Thanks to Ian Stuart Baird.
Residents in Torry, Aberdeen opposed to the possibility of St. Fittick’s Park being lost to development, have stepped up their activities by launching a website and announcing a photo competition to increase awareness of the threat to the precious green space at the heart of their community.
After the publication of the Proposed Local Development Plan (2022) in March and neighbour notifications had dropped through letterboxes in June, shocked residents realised the catastrophic potential of the proposed changes in the LDP.
A small informal group meeting on Zoom and Facebook realised that the fight for the park would be a long one. The group would need to become bigger, open to all and representing all views, so a steering committee – Friends of St Fittick’s – was formed.
The stated mission of the Friends of St Fittick’s Park is to:
‘focus on ensuring the survival of St Fittick’s Park, and improve the engagement and experience the local people have with this fantastic natural space’.
Local people have been angered by the rezoning of the Green Space to an opportunity site (OP56) in the Local Development Plan where development as one of the sites in the Energy Transition Zone adjacent to Aberdeen South Harbour would be favoured.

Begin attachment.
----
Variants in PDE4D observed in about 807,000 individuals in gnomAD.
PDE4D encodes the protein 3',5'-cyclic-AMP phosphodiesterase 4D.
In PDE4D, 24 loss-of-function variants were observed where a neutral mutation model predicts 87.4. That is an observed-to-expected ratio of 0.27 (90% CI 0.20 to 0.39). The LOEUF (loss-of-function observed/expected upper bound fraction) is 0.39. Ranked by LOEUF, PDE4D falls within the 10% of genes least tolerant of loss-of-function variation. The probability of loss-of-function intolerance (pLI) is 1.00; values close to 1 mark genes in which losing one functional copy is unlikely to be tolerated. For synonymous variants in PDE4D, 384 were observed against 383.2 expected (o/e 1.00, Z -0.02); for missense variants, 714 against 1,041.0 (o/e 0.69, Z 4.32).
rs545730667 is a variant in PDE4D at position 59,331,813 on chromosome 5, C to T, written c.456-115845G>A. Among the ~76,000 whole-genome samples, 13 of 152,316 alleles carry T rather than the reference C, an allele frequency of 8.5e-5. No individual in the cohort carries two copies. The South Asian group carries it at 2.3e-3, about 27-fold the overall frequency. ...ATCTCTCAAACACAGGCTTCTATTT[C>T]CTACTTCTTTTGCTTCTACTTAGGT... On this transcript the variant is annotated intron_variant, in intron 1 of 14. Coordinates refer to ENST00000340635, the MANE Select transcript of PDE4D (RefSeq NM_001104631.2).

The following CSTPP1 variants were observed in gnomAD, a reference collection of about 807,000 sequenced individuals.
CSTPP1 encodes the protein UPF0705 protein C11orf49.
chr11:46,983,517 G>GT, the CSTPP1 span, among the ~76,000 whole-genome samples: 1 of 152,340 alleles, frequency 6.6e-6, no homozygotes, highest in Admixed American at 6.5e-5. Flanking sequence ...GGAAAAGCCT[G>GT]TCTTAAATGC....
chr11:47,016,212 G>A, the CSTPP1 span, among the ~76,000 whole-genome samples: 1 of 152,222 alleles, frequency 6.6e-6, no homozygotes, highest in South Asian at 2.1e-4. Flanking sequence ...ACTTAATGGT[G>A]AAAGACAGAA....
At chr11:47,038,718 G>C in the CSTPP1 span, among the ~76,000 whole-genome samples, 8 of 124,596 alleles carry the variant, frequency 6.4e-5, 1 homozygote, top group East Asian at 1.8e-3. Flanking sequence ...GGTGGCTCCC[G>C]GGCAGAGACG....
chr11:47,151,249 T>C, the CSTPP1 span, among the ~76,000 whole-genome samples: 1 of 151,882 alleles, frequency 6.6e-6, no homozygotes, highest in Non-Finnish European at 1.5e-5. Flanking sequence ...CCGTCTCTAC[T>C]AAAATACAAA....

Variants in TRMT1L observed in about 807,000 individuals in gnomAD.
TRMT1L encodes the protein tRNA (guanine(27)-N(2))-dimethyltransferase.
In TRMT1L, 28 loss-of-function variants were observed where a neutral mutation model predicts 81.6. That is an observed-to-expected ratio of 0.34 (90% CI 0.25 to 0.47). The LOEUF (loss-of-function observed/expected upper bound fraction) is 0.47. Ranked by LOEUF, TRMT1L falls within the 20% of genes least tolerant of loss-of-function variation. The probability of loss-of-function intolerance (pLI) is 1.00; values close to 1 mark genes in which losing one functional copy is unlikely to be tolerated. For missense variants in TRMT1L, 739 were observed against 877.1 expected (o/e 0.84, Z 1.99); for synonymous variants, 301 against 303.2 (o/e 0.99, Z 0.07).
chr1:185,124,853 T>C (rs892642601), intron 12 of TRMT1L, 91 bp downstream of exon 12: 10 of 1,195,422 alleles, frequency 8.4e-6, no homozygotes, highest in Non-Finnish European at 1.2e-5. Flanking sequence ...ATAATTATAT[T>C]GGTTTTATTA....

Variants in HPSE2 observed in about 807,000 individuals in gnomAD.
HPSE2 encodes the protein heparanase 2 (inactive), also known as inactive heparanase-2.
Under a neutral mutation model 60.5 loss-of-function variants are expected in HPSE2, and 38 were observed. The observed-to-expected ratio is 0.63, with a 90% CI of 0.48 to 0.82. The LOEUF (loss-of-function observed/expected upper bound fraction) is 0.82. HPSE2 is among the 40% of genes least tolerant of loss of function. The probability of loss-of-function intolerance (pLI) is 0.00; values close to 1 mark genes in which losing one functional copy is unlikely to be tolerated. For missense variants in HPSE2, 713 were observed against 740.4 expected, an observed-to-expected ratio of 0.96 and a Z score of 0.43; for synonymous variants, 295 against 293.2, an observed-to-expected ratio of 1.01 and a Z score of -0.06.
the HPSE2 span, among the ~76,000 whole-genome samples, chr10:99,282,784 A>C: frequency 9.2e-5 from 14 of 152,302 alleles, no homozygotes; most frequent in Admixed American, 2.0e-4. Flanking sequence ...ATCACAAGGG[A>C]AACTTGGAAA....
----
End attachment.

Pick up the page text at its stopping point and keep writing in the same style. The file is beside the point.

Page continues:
A similar rezoning would apply to Doonies Farm, another valuable local resource.
They are worried that even more land might be threatened as the ETZ’s Feasibility Study identifies the southern section of Balnagask golf course as another potential ETZ site and the northern one as part of a proposed Energy Coast all round the Bay of Nigg.
Announcing the launch group member David Hunter said:
“This proposal is a slap in the face for the people of Torry. Aberdeen South Harbour has already deprived us of the Bay of Nigg but residents were promised that St. Fittick’s Park would be preserved.
“We support the concept of energy transition but destroying a complex wetland ecosystem and a green space which is at the heart of the local community is certainly not the way to go about it.”
As well as mitigating climate change as a carbon sink and a flood plain, St. Fittick’s Park provides the community with educational opportunities, a buffer between housing and the South Harbour, and benefits its physical and mental health.
By highlighting these current diverse roles and imagining future improved and new ones, the group, through its web site and with community engagement, is encouraging both locals and those in the wider Aberdeen community to realise what an enormous asset we have, and to do everything possible to protect and improve it.
A photo competition has been launched both to encourage more people to visit the park, and for the photos to capture the threatened essence of the space and share with others.
Prizes totalling £100 will be awarded, the entries later published on the website and, Covid-19 permitting, displayed in a public space. Full details are on the website.
The Friends of St. Fittick’s Park are encouraging people to join the group and support them by raising awareness, letter-writing, fund-raising and generally helping to protect the Park now and in the future.